As we are all heading into the Christmas Break, and looking forward to our long break, spare a thought for the families of our boarders who are preparing to send a new child away to board for the first time. The apprehension for many of these young people about living away from home, not having mum and/or dad there ready to offer support, worrying about missing their older or younger siblings, and moving into a foreign environment with a strange woman or man looking after them, can be quite overwhelming for many. And we must not forget those returning boarders we have who miss home so much every time them return to the Boarding House.
So, how do you handle homesickness in your boarding house? Do you spend time with the families and students before they start and explain how they might feel homesick, and that sometimes they don’t even know why the feel that way? Do you explain to the mums (and dads in many cases) that they need to say goodnight in the lounge room rather than in their child’s bedroom for some months in preparation for them ‘leaving home? And how about teaching their child to put their laundry out each night and change their beds weekly rather than doing it for them? Have you encouraged them to visit the school, and the boarding house, in the year prior to them coming, so that the experience is not as foreign? Do you write to the child in the months leading up to them joining your community, telling them how much you are looking forward to having them join your ‘family’? These are just a few of many ideas which happen in boarding houses all over Australia to help new boarders prepare for their time away from home.
And what happens in your community once the new boarders arrive? Do you welcome them on a separate day to the returning boarders? Do you have big sisters/brothers available to help them on that first day? Do you make their beds for them before they arrive so it looks welcoming? Do you gradually split them from their families, rather than one heart-wrenching break at the end of the day (which often happens anyway, but at least they have had some time apart during the day)? Do you have some form of ritual to help them feel a part of your house? Do you make sure you are available on that first night (or first week!) as a stable presence for the new boarders to talk with?
That first weekend - is there so much organised that they can’t get bored? Do you spend time at those activities helping them all have fun (and showing you are human)? Is the food great so that they have little to complain about? Are the teachers educated to help the boarders understand why they feel that way, and to ensure they don’t feel too much like a little fish in a very big pond? Have you told the parents to write - or email - rather than always phoning as the boarders can enjoy reading, and re-reading, and re-reading again and again that written piece? Have you told the boarders to write back? Have you warned the parents that their son or daughter will call at their lowest, and, once they dump, will probably go off to have a great time while the parents sit at home fretting?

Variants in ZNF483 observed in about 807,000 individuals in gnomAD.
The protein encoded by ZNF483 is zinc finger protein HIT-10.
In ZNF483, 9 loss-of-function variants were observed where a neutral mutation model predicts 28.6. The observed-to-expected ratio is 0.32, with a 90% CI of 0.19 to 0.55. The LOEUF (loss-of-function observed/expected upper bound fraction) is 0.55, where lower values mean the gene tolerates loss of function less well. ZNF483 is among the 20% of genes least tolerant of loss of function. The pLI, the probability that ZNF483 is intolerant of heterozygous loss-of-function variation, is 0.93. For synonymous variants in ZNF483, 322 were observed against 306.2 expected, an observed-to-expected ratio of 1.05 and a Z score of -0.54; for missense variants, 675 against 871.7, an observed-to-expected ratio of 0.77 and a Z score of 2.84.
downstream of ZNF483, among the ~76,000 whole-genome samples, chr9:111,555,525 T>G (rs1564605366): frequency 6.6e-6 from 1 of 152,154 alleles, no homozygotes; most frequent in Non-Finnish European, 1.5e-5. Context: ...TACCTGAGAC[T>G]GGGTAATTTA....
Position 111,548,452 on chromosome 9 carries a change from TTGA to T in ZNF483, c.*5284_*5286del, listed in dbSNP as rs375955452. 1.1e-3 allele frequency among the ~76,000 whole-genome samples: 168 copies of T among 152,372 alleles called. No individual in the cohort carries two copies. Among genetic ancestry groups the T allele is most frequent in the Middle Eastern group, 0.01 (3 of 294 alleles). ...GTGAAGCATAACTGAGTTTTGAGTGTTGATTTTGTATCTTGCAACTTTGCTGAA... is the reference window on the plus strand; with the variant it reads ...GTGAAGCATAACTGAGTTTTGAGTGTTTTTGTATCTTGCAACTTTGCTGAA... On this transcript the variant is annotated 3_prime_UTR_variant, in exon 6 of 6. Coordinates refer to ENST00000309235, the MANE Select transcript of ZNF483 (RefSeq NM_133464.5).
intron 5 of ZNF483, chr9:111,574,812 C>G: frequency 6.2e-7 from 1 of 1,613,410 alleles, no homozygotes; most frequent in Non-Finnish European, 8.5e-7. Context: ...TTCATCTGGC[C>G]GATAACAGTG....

And when second term (and third, and fourth and ….) starts, do you understand that this might all return once again?
Of course homesickness doesn’t affect every boarder, and usually is something the boarders get used to, even if they don’t get over it. The wonderful work all our boarding staff do to help our boarders to make the most of every opportunity at school, and not miss home too much, is something we need to celebrate!
Do you have ideas we can add for others to read? Please email us at firstname.lastname@example.org and let us know what you have found effective - we’ll be more than happy to publish your words.
Until next time, Signing Out……
PS - We all hope that the Christmas break is a happy and holy one for you all, and that you take the time to regenerate and refresh - so that you can return to this wonderful work with renewed vigour!! Enjoy!!!!!!